The fact of the matter is that in 2022, we are spending way more time on screens, and while we continue to evolve and develop, we’re not super humans.
I love the idea of normalizing going to the eye doctor. You go to the pediatrician for your child’s checkup, you go to the dentist for a cleaning, and you go to the eye doctor to also get your eyes screened and evaluate your eye health. But what I think keeps some people away is that dreaded puff test, which some doctors have stopped doing.
[laughs] Yes, there’s much softer, easier, nicer, no puff tests.
I’ll be the first to admit that my kids are Minecraft-loving little people, and they love their tech. As someone who is a new dad and who also loves tech, how can you wean your kids off of having too much tech?
Well, I think it’s case-by-case. You’re going to do whatever is going to work for you and your family. For us, engagement, physical time, and cuddling and playing games are so important to us, but at the same time we recognize the value of tech. We don’t look at tech like it’s a babysitter; after all, I work in the tech world and the tech space. I can tell you directly how beneficial it is for kids to grow up with devices in their hands. The trick of the matter is to teach them that life doesn’t exist here; it exists everywhere else, and this is a tool to connect you to people and places and things. All of that is wonderful, and so is this, the connection.
Instead of saying, “You’re spending too much time on this,” I say, “How can I engage with you while you’re doing that?” Maybe in that time, we can come up with an idea of something else to do. It’ll be way easier to get my son off of a video game if instead of me coming in like a monster and saying, “Stop having fun and doing what you’re enjoying!” and instead say, “What are you playing? Can I join? How can I play?” You want them to teach you, to learn the language so that when I see you playing this game, I know what to talk to you about, instead of saying, “You winning, Son?” There’s zero engagement there.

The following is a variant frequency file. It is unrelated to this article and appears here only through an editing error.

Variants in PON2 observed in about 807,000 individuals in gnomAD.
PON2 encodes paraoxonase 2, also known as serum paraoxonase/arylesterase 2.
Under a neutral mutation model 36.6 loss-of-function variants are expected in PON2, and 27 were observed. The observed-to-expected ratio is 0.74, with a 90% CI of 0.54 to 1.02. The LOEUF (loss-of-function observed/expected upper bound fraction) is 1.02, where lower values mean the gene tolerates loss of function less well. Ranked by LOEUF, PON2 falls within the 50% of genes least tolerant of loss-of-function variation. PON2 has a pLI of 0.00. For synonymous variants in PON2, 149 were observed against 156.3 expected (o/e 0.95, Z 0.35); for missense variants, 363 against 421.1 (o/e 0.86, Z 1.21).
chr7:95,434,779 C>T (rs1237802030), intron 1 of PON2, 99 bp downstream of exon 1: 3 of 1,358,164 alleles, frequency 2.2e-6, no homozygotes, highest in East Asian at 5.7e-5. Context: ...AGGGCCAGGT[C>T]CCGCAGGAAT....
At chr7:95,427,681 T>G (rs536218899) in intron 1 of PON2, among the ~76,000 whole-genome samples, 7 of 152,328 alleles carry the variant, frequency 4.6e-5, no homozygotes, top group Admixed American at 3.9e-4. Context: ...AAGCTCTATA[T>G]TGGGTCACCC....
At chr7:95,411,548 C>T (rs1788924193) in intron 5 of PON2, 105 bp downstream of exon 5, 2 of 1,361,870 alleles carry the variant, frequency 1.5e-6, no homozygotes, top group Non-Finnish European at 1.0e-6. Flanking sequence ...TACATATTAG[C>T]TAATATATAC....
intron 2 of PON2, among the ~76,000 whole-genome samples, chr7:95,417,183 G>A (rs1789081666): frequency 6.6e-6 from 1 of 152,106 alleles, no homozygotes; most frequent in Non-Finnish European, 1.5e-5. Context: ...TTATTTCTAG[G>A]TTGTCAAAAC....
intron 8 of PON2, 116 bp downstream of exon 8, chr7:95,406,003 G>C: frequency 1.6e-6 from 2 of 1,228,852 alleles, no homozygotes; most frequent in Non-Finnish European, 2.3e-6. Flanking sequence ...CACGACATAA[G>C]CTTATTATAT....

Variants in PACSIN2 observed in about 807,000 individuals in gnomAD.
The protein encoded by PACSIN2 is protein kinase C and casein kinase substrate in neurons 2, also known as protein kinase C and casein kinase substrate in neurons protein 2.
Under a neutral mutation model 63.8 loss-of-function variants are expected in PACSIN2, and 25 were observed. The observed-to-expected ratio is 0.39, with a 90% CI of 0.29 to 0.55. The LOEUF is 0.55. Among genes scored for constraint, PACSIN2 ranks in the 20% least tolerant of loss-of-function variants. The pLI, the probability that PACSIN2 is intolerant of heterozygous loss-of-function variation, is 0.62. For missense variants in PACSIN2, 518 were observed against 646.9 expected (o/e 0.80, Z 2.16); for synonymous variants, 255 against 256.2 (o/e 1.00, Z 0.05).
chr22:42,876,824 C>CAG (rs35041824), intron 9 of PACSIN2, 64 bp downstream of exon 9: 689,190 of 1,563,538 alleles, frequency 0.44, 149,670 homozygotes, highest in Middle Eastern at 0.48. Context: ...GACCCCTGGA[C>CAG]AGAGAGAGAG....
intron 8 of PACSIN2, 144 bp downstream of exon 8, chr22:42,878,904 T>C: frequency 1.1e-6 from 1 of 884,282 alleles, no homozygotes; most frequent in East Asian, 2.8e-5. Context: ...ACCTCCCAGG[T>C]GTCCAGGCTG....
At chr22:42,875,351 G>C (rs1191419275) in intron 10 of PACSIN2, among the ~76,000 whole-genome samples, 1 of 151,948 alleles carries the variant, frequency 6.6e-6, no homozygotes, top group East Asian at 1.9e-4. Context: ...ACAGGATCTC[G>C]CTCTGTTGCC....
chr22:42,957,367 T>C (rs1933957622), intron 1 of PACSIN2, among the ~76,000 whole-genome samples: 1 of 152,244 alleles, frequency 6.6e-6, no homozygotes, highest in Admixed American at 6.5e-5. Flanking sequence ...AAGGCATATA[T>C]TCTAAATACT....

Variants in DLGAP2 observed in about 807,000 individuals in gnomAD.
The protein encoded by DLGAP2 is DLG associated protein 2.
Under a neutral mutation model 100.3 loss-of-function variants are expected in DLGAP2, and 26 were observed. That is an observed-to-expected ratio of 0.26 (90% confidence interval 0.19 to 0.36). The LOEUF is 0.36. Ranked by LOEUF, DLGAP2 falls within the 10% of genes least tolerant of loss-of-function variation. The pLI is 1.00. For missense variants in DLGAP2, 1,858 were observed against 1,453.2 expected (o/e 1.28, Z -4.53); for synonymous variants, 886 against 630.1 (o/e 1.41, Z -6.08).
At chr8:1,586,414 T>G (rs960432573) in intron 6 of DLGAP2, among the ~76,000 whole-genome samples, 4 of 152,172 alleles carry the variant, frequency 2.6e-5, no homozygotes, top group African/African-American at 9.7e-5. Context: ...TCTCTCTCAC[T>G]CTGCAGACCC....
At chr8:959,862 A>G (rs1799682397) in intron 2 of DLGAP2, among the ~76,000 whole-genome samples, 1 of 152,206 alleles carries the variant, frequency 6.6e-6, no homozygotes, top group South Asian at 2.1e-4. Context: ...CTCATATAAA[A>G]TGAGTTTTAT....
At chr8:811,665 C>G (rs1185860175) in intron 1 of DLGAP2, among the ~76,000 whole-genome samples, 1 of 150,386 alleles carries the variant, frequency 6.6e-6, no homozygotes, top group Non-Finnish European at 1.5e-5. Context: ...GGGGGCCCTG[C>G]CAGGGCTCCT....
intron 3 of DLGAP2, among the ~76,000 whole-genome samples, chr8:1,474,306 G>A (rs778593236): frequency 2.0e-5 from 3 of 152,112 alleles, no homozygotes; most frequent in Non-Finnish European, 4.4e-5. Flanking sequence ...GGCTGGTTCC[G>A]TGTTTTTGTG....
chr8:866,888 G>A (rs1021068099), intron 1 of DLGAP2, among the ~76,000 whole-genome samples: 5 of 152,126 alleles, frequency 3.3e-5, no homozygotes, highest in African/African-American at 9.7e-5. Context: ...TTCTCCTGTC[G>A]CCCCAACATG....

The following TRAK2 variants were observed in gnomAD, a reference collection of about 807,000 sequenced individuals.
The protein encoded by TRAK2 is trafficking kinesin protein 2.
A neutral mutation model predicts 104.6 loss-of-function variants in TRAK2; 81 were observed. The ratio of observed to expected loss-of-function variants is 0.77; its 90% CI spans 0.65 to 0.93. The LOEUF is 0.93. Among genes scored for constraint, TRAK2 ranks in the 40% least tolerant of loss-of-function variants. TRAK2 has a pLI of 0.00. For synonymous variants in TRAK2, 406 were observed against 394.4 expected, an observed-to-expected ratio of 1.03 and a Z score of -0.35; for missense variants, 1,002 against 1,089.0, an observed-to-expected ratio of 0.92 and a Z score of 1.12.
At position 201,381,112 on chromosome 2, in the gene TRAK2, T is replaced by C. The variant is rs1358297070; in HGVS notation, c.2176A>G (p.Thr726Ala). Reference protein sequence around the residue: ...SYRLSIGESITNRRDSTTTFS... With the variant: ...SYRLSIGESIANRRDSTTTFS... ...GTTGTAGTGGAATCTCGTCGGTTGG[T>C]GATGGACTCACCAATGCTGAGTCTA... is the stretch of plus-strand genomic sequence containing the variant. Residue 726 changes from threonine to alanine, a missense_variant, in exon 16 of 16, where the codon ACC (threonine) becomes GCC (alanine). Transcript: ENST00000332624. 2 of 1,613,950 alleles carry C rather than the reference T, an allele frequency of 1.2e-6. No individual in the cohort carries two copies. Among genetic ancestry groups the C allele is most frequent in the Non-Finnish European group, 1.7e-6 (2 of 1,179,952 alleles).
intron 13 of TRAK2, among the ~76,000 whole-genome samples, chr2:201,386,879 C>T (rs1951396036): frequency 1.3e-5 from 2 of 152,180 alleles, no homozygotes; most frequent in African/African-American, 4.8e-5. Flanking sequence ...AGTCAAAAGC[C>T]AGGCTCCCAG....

In that way, you become safe to them. You come into the room when they’re playing a game, and they’re thrilled to see you because maybe you’ll join them, rather than ask them how long they’ve been on it and shame them for being on it for too long. They’re probably having more fun doing what they’re doing than being forced to go outside and swing on a jungle gym if that’s not what they want to do in that moment. But maybe I can convince you to do that later because we’ve already been together and hanging out.
I recently had a Minecraft playdate with my daughter and initially I sucked at it. But then later on, I learned how to defeat the Ender Dragon.
You know how to defeat the Ender Dragon? Wow, that’s much farther along than I know in Minecraft! I know a couple of combinations to build some things but the end game stuff, can’t get there.
But I’ll give you an example. Gameboy came out. Pokémon Red comes out. I had it; I’m in elementary school and I’m obsessed with the game. My mom drives me to school every morning, and then she drives to work. On the way to school, we listen to music, and we’d play and sometimes we’d go to the McDonald’s drive-thru and get a little biscuit, and we’d talk and debrief. I was a gymnast and didn’t have a lot of time to play. She recognized that I didn’t have a lot of time to play, so instead of shaming me for playing in the morning on the way to school, she asked me questions the whole time I was playing Pokémon. So I got to engage with my mom. She knew what Charizard was and Mewtwo was and how many badges I had and how far the Elite Four I was in. And that save point like, “Hey, I can’t finish this now because it’s loading but when it’s done, Mom, can you save my game because I showed you how to?” I can confidently give my mom my Gameboy because she will save my data; she listens to me and knows how important this is to me and we’ve been able to connect on it and talk about it.
Those are my memories of playing video games with my mom. I have positive experiences because the conversations were positive. And I can’t wait to give those same experiences to my kids.